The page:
Unnecessary Induction of Labor Raises Risk for Birth Injuries
When labor is induced unnecessarily, the risk of birth injuries increases. There are medical situations where the benefits of inducing labor outweigh the risks of a birth injury. But when a doctor induces labor for reasons that are not within medically accepted standards, he or she could be held liable if the baby or mother are injured.
When is Induction of Labor Necessary?
Normally a woman’s body will begin the process of labor on its own. But when it does not, labor needs to be induced to prepare the cervix for labor and start uterine contractions. Induced labor can save the life of a baby, the mother, or in some circumstances, both.
A doctor may recommend inducing labor if the mother has gone two weeks past her due date, her water has broken, or her amniotic fluid is low but she has not begun contractions. If the baby has stopped growing or infection or other problems have developed with the uterus or placenta, the baby’s life could be at risk.
Common Risk Factors of Inducing Labor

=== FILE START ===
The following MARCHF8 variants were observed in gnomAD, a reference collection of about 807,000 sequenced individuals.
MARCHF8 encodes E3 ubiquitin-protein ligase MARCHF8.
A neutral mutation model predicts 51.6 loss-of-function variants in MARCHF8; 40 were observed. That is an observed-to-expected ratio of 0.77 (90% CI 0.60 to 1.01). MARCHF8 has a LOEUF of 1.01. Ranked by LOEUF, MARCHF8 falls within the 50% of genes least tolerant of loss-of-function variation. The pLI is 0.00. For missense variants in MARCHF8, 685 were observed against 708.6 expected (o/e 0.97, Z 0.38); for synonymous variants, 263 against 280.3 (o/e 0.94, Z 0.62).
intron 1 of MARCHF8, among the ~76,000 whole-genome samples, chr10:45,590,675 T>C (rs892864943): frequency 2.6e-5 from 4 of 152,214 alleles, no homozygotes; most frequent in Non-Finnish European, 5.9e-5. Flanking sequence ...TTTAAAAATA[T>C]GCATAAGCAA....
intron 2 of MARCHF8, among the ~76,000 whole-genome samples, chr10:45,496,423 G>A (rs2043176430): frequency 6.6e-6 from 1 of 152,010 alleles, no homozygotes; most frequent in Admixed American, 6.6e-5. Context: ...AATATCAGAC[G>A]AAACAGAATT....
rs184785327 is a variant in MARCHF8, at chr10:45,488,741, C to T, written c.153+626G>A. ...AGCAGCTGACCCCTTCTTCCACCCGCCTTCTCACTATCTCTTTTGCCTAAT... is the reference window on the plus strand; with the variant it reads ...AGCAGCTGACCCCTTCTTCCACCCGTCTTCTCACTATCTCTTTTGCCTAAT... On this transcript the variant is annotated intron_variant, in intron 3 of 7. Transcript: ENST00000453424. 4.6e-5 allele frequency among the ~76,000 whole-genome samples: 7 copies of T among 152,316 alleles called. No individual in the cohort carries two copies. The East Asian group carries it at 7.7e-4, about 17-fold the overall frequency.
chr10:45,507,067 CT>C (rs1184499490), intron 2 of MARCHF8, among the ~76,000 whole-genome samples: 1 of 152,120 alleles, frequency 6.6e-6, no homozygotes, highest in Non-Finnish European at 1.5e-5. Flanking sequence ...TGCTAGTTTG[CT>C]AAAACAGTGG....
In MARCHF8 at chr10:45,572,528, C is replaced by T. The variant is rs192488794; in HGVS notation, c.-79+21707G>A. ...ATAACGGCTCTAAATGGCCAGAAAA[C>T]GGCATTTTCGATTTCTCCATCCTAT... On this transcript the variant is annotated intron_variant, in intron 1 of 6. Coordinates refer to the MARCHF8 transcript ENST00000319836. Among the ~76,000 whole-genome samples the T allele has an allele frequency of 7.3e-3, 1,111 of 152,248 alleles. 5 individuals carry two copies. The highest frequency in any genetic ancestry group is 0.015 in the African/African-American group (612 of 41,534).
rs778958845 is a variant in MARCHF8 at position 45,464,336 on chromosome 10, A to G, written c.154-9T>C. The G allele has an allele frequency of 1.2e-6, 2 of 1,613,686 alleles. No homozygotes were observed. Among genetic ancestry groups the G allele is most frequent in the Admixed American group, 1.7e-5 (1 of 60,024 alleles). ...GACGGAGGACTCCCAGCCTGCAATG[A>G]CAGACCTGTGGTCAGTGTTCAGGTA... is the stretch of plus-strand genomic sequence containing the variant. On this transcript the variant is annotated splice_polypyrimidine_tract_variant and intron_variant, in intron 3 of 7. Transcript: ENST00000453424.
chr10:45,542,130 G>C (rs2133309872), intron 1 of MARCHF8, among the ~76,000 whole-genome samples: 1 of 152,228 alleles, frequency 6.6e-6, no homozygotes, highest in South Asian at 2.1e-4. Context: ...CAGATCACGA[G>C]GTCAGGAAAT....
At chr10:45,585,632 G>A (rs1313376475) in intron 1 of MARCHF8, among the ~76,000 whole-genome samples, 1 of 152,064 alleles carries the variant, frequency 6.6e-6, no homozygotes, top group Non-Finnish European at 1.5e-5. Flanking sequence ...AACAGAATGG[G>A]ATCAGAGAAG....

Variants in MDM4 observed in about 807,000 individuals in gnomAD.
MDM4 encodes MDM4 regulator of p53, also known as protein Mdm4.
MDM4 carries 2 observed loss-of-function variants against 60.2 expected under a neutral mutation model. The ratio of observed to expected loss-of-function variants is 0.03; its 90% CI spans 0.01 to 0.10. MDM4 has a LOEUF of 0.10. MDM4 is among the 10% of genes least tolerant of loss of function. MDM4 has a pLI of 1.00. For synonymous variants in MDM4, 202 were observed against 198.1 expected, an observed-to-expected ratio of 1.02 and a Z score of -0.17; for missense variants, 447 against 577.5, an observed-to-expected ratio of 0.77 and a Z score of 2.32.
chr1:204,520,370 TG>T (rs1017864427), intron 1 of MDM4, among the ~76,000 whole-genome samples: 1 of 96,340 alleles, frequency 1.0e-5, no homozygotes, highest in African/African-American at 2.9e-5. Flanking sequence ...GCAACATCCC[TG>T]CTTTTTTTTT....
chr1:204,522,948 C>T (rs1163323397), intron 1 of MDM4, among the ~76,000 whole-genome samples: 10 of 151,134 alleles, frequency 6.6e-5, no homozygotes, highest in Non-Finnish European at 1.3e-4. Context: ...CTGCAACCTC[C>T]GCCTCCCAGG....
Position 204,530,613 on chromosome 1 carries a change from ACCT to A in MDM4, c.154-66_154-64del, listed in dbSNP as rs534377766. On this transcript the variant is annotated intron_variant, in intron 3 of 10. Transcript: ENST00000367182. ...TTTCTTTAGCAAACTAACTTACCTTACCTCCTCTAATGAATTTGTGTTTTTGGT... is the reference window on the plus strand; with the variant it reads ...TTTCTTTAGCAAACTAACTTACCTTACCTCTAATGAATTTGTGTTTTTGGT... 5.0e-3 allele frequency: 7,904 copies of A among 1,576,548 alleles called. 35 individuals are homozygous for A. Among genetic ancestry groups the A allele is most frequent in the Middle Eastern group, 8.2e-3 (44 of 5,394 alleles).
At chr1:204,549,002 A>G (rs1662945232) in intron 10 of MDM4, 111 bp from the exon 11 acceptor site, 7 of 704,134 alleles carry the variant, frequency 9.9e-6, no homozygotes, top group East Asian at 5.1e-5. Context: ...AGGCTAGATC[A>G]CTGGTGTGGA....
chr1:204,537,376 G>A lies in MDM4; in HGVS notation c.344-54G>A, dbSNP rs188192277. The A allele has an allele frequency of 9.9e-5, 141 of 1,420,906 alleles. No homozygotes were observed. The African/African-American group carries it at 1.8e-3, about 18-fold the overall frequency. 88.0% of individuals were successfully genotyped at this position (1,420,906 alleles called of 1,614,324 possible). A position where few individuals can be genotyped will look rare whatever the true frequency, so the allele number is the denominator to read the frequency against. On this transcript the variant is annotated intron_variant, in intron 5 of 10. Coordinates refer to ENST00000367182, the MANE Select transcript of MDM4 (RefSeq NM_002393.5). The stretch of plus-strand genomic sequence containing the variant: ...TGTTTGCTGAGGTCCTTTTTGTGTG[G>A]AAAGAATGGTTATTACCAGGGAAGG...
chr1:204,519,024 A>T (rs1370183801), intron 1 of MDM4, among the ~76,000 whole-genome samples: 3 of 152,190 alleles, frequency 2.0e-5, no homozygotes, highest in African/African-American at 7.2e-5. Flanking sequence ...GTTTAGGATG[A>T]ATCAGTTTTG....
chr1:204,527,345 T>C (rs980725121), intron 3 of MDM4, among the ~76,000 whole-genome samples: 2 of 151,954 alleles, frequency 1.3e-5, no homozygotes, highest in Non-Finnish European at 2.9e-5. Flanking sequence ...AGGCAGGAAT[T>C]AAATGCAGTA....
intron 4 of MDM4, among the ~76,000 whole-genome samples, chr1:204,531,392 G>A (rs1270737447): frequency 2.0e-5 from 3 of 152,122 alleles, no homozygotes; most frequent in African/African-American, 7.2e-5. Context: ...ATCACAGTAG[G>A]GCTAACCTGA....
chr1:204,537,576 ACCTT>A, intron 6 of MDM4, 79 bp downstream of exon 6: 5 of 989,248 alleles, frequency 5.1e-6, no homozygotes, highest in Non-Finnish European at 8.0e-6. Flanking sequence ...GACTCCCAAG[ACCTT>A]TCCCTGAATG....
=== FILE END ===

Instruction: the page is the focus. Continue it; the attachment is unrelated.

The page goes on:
Before deciding that labor should be induced, the doctor will assess the mother’s cervix according to the Bishop score. The Bishop score is set on a scale of 1-13, and the doctor will need to use his or her judgment to determine the dilation of the cervix, position of the cervix and baby, and the condition of the cervix.
Inducing labor can cause birth injuries related to:
- Problems with umbilical cord
- Lack of oxygen
- Premature birth
Risks of Using of Pitocin
Pitocin is a medication that is commonly used to induce labor. Its use is risky. It is linked to preventable birth injuries because its effects are unpredictable. It is a synthetic form of oxytocin, a hormone that is normally produced during labor. Both Pitocin and oxytocin induce frequent strong and long-lasting uterine contractions that are needed for delivery.
Because of its unpredictable nature, Pitocin should only be used when continuing the pregnancy could threaten the lives of the baby or mother. The doctor must accurately access the patient, including her Bishop score, to determine the correct dosage to use and whether the cervix is ready for labor.
When misused, Pitocin places the baby in danger because it interferes with healthy uterine contraction rhythms. If the contractions are too long, too strong, or occur too frequently, the placenta is unable to provide enough oxygen to the baby. This puts the baby at risk for HIE or birth asphyxia, which are both oxygen deprivation-related injuries.